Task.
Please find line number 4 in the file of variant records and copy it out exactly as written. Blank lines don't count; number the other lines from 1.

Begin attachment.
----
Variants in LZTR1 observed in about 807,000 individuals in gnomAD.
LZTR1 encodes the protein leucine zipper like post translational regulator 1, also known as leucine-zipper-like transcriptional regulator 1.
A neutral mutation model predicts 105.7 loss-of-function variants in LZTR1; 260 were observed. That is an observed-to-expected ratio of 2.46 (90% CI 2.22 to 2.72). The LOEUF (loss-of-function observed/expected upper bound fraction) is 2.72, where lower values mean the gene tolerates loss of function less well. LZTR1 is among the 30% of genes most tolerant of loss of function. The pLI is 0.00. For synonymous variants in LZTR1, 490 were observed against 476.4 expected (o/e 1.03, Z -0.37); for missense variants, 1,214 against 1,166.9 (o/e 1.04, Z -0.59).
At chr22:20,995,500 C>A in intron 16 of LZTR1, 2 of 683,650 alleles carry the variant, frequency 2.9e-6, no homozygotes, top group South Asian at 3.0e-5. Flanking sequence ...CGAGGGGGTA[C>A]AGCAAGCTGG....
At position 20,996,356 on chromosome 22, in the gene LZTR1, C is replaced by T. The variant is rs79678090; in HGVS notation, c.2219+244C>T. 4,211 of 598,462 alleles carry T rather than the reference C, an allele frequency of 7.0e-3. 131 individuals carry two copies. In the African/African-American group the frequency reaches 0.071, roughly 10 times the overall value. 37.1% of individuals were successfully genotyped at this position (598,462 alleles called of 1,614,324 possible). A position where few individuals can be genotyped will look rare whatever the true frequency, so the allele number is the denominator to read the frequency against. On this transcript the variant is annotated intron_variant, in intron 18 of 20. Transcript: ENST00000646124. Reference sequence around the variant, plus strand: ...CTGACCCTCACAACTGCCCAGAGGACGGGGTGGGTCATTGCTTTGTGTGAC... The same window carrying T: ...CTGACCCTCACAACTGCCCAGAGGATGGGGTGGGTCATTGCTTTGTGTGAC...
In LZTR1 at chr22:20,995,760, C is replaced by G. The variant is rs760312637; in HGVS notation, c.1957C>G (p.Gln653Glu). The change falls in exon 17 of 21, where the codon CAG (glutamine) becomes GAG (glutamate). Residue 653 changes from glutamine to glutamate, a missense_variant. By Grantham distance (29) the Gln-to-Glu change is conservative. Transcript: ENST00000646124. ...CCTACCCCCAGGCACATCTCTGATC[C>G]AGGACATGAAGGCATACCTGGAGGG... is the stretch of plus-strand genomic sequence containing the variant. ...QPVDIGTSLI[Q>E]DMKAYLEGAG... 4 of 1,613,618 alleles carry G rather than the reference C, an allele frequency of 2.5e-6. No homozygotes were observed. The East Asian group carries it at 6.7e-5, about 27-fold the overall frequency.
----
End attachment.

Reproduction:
At chr22:20,995,500 C>A in intron 16 of LZTR1, 2 of 683,650 alleles carry the variant, frequency 2.9e-6, no homozygotes, top group South Asian at 3.0e-5. Flanking sequence ...CGAGGGGGTA[C>A]AGCAAGCTGG....